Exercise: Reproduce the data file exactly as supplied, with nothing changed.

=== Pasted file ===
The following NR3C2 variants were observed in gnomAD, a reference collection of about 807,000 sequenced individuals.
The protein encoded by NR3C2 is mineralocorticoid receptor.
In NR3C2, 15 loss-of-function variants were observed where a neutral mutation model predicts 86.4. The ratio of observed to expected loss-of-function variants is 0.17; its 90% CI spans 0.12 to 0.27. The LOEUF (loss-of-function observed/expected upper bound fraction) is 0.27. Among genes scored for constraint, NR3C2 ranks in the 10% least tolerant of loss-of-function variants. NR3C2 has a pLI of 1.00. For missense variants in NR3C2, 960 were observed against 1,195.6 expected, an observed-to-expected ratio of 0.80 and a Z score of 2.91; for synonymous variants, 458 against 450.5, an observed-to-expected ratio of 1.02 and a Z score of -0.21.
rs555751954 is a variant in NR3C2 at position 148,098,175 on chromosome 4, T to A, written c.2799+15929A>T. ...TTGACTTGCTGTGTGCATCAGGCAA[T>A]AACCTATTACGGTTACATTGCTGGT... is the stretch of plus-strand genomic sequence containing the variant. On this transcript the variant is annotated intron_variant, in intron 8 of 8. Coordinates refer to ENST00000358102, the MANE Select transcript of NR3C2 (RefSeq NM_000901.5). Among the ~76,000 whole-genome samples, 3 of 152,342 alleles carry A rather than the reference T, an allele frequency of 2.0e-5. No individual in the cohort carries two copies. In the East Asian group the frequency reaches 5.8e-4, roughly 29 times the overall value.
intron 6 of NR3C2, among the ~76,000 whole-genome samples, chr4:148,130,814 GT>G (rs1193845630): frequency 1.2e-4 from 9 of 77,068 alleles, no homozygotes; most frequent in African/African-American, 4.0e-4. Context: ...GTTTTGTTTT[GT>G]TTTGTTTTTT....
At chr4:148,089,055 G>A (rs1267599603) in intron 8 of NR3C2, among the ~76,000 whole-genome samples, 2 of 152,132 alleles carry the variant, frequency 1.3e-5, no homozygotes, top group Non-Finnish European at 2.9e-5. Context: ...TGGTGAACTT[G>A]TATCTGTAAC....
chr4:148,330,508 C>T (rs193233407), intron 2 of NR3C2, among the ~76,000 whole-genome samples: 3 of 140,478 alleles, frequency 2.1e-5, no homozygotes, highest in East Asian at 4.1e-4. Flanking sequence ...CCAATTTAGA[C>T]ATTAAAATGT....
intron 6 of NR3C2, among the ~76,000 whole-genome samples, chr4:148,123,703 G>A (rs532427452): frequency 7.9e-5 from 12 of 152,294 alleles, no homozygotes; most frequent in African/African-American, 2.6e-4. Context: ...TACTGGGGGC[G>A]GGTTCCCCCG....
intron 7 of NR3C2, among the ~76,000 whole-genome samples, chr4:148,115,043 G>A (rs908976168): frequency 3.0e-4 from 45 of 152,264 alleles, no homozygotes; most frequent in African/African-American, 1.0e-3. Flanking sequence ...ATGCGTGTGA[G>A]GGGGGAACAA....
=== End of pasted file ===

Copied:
The following NR3C2 variants were observed in gnomAD, a reference collection of about 807,000 sequenced individuals.
The protein encoded by NR3C2 is mineralocorticoid receptor.
In NR3C2, 15 loss-of-function variants were observed where a neutral mutation model predicts 86.4. The ratio of observed to expected loss-of-function variants is 0.17; its 90% CI spans 0.12 to 0.27. The LOEUF (loss-of-function observed/expected upper bound fraction) is 0.27. Among genes scored for constraint, NR3C2 ranks in the 10% least tolerant of loss-of-function variants. NR3C2 has a pLI of 1.00. For missense variants in NR3C2, 960 were observed against 1,195.6 expected, an observed-to-expected ratio of 0.80 and a Z score of 2.91; for synonymous variants, 458 against 450.5, an observed-to-expected ratio of 1.02 and a Z score of -0.21.
rs555751954 is a variant in NR3C2 at position 148,098,175 on chromosome 4, T to A, written c.2799+15929A>T. ...TTGACTTGCTGTGTGCATCAGGCAA[T>A]AACCTATTACGGTTACATTGCTGGT... is the stretch of plus-strand genomic sequence containing the variant. On this transcript the variant is annotated intron_variant, in intron 8 of 8. Coordinates refer to ENST00000358102, the MANE Select transcript of NR3C2 (RefSeq NM_000901.5). Among the ~76,000 whole-genome samples, 3 of 152,342 alleles carry A rather than the reference T, an allele frequency of 2.0e-5. No individual in the cohort carries two copies. In the East Asian group the frequency reaches 5.8e-4, roughly 29 times the overall value.
intron 6 of NR3C2, among the ~76,000 whole-genome samples, chr4:148,130,814 GT>G (rs1193845630): frequency 1.2e-4 from 9 of 77,068 alleles, no homozygotes; most frequent in African/African-American, 4.0e-4. Context: ...GTTTTGTTTT[GT>G]TTTGTTTTTT....
At chr4:148,089,055 G>A (rs1267599603) in intron 8 of NR3C2, among the ~76,000 whole-genome samples, 2 of 152,132 alleles carry the variant, frequency 1.3e-5, no homozygotes, top group Non-Finnish European at 2.9e-5. Context: ...TGGTGAACTT[G>A]TATCTGTAAC....
chr4:148,330,508 C>T (rs193233407), intron 2 of NR3C2, among the ~76,000 whole-genome samples: 3 of 140,478 alleles, frequency 2.1e-5, no homozygotes, highest in East Asian at 4.1e-4. Flanking sequence ...CCAATTTAGA[C>T]ATTAAAATGT....
intron 6 of NR3C2, among the ~76,000 whole-genome samples, chr4:148,123,703 G>A (rs532427452): frequency 7.9e-5 from 12 of 152,294 alleles, no homozygotes; most frequent in African/African-American, 2.6e-4. Context: ...TACTGGGGGC[G>A]GGTTCCCCCG....
intron 7 of NR3C2, among the ~76,000 whole-genome samples, chr4:148,115,043 G>A (rs908976168): frequency 3.0e-4 from 45 of 152,264 alleles, no homozygotes; most frequent in African/African-American, 1.0e-3. Flanking sequence ...ATGCGTGTGA[G>A]GGGGGAACAA....